Cocaine was pulled from U.S. shelves as a result of the FDA’s decision that Cocaine was “was illegally marketing the drink as both a street drug alternative and a dietary supplement”. Redux Beverages began working on a new name for the product immediately. At the end of May, 2007, the Redux team decided to change the name to “No Name:” energy drink, with the new can label (sometimes still with the original can just covered by a plastic sleeve with the new name, allowing it to be peeled off revealing the old one) featuring a large blank space for fans to write their chosen name for the drink, covering the “Cocaine” on the can itself. On 17 June 2007, the drink was redistributed in the U.S. under the new labeling.

However, Redux Beverages has recently announced that the drink will return to shelves under its original name in early 2008. Cocaine is now being sold as “Cocaine” and can be found on the shelves of many stores around the U.S.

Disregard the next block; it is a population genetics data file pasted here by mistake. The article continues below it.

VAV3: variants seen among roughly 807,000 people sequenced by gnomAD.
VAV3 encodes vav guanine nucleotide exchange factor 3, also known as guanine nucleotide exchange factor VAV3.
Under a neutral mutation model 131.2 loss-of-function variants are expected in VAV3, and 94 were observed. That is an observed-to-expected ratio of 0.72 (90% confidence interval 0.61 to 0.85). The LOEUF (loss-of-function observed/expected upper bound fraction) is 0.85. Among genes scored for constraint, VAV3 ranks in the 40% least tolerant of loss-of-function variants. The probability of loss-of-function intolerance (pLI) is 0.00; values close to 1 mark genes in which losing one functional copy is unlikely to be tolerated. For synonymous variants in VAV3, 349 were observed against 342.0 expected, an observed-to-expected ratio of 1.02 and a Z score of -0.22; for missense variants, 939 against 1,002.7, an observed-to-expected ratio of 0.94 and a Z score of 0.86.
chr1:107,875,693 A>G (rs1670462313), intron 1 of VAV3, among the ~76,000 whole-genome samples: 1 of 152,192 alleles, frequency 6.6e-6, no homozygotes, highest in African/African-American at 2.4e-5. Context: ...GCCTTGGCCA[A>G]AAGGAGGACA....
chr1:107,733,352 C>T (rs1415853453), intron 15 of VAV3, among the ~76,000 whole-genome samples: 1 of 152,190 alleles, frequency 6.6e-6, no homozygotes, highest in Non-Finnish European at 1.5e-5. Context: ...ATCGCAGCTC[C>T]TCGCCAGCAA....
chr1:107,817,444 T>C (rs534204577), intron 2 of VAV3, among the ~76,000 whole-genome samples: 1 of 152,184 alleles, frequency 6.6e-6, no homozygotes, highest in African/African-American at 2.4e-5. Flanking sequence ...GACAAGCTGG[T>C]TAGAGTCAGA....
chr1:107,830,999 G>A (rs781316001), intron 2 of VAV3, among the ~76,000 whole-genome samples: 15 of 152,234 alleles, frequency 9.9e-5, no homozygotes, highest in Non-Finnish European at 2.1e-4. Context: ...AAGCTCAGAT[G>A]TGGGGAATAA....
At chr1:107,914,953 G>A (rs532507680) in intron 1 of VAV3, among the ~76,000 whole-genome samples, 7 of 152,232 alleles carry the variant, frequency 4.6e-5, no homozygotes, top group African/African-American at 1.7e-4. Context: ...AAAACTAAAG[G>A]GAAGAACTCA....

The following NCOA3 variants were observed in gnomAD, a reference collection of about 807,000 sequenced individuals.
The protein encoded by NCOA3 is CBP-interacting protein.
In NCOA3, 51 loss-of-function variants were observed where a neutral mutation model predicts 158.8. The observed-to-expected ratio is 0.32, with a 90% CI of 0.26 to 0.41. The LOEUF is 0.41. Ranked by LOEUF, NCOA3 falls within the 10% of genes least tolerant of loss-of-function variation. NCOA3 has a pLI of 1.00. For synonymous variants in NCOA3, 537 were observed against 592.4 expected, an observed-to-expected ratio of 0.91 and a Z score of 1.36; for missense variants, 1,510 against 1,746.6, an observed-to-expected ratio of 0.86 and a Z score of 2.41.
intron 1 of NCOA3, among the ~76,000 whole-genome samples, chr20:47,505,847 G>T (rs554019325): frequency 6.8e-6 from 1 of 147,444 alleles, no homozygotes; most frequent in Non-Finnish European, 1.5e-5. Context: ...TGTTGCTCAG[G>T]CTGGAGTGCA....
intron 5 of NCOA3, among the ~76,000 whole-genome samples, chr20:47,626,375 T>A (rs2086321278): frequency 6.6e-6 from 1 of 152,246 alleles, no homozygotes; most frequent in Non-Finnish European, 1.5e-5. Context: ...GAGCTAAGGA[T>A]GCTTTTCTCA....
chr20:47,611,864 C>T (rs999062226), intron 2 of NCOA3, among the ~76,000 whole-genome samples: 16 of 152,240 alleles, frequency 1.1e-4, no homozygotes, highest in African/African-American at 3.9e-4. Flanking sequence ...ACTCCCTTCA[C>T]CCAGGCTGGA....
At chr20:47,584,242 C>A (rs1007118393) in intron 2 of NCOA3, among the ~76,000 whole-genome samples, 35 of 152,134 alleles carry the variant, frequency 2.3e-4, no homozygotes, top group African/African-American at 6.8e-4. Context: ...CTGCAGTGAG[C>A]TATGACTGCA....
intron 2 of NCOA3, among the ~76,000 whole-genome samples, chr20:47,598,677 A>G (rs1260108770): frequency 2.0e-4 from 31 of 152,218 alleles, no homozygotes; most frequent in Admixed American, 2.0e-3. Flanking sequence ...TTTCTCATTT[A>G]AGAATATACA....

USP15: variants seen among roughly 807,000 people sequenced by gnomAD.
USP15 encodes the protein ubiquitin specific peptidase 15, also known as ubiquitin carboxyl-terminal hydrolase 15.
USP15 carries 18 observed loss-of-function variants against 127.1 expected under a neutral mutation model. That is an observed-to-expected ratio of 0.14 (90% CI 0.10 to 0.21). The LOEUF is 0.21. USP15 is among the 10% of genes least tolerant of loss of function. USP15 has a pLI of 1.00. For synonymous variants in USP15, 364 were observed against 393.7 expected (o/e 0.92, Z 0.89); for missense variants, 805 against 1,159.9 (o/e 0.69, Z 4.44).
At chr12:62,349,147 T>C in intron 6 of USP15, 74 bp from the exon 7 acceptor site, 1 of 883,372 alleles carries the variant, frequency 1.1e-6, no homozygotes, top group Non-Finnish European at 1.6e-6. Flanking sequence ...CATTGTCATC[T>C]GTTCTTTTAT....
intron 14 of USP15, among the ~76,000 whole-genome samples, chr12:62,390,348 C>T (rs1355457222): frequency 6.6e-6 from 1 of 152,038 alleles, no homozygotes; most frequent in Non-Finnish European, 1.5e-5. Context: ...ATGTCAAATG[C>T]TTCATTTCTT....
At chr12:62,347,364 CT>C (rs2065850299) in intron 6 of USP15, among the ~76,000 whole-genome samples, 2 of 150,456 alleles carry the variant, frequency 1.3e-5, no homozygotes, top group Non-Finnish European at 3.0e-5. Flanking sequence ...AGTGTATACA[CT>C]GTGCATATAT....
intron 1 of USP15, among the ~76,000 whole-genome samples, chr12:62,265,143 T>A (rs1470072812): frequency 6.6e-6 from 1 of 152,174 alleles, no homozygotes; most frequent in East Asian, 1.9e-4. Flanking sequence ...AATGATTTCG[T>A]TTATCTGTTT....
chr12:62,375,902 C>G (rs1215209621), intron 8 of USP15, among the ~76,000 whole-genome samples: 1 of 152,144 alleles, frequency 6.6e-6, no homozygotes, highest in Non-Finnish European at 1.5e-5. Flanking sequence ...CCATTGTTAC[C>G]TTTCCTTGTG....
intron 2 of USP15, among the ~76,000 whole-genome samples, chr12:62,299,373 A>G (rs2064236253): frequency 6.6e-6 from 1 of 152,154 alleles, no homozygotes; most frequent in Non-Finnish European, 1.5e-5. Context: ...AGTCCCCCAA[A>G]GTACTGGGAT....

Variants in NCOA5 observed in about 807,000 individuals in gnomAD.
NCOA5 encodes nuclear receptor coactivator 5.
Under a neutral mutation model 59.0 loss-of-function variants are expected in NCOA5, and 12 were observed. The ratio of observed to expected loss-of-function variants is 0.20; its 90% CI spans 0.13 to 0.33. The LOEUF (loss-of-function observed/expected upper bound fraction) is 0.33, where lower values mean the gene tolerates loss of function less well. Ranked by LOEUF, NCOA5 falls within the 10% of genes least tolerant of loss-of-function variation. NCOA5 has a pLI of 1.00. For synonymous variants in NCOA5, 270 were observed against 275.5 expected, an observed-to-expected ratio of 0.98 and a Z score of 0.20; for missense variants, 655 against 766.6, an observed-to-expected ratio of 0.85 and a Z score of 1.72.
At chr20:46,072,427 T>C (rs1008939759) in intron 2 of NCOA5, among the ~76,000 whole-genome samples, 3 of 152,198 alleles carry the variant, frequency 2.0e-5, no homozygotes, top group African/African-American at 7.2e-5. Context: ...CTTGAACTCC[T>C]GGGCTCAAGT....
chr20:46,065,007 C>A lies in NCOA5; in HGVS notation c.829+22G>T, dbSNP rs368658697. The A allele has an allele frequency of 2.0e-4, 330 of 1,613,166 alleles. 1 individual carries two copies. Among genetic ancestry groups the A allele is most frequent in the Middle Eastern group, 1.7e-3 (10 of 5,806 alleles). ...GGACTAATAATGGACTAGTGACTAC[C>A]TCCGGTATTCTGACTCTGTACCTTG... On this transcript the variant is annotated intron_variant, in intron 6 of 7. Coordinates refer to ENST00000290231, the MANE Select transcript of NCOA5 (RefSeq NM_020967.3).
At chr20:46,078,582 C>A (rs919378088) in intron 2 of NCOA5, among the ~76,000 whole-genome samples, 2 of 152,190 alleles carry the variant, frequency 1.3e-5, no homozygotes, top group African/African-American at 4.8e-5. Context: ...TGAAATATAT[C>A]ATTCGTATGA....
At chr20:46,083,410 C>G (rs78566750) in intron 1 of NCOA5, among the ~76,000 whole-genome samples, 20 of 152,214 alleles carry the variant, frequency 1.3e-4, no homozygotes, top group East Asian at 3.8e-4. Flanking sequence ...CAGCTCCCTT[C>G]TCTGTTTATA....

The drink is available online or in local beverage stores around the U.S. The beverage is also available in Europe, where it has always been sold as Cocaine Energy Drink rather than Insert Name Here: (as it was briefly sold in the U.S). According to Cocaine’s official website, the drink is now being sold in three varieties: one being Original, one being “Cut” (which lacks the purported “throat-burning” sensation of Original), and one being “Free”, which contains no sugar. However, on July 9, 2008 Redux Beverages received a warning letter from the FDA indicating that they had objection to the fonts that Redux licensed for the front of their product Cocaine Energy Supplement. The fonts in question have been removed from production and will be replaced with new fonts. In addition to the fonts, they have also removed the term Cut from the mild version of the supplement and have replaced it with a new color can.